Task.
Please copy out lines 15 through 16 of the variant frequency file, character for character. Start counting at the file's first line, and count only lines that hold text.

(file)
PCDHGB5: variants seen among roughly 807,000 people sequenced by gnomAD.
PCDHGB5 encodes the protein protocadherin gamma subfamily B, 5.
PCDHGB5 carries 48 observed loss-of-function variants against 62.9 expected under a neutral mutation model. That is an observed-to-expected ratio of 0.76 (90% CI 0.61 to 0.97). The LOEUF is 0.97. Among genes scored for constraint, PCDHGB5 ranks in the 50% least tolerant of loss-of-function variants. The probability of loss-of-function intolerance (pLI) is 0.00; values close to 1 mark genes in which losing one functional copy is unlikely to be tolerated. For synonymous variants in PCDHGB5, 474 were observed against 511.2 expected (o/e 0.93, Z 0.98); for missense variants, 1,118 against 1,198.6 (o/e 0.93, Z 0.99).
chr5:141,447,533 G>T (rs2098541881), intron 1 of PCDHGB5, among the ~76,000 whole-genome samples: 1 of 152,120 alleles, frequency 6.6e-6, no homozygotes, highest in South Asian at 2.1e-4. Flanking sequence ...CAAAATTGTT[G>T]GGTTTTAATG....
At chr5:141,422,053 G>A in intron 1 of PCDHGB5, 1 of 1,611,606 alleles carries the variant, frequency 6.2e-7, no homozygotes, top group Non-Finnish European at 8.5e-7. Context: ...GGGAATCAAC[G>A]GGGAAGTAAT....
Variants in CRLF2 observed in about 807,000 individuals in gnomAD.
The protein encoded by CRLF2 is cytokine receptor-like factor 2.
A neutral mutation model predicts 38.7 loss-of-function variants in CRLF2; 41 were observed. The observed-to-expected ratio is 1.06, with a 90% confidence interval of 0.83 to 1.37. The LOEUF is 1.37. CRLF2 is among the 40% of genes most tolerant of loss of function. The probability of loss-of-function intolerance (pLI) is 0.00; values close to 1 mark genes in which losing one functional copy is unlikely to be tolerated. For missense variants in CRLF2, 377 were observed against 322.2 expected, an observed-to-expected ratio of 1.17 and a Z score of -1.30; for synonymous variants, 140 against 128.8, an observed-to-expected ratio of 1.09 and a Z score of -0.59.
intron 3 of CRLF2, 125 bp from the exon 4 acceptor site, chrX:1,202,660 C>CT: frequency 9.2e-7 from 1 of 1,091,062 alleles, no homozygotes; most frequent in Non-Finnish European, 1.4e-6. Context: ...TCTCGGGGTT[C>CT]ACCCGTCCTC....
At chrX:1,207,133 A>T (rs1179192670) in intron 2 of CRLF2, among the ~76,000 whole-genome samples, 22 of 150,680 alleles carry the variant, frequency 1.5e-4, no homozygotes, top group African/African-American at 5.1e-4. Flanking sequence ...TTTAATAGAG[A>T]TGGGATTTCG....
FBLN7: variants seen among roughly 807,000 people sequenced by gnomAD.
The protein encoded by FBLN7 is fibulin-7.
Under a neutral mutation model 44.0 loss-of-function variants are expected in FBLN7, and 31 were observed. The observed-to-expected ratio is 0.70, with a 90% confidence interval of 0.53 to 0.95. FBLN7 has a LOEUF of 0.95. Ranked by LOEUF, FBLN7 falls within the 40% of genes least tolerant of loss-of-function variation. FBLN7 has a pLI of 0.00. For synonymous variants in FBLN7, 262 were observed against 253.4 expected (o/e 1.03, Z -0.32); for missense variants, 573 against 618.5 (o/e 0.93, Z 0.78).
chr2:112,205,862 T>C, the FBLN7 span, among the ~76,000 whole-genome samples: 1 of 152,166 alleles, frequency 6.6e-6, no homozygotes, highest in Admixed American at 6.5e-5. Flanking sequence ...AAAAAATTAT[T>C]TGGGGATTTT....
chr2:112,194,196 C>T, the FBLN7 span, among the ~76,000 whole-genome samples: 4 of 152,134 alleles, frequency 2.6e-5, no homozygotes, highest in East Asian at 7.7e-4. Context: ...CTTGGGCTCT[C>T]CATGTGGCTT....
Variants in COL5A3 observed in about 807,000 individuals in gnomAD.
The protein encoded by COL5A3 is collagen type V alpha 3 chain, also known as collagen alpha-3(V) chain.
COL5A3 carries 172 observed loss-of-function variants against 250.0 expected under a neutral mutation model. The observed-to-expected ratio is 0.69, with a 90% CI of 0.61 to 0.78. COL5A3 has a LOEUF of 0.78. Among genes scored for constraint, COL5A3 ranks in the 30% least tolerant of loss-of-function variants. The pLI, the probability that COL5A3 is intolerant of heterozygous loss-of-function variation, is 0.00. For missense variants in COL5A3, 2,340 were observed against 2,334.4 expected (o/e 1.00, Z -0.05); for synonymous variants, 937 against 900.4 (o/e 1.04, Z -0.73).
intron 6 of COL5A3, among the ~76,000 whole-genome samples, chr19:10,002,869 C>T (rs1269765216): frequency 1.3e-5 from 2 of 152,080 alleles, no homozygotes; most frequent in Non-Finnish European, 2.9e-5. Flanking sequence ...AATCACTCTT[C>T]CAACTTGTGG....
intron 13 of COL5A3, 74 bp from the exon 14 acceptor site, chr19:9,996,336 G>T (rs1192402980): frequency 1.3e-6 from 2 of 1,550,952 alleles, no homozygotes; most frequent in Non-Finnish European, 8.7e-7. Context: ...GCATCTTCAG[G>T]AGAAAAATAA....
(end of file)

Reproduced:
chr2:112,194,196 C>T, the FBLN7 span, among the ~76,000 whole-genome samples: 4 of 152,134 alleles, frequency 2.6e-5, no homozygotes, highest in East Asian at 7.7e-4. Context: ...CTTGGGCTCT[C>T]CATGTGGCTT....
Variants in COL5A3 observed in about 807,000 individuals in gnomAD.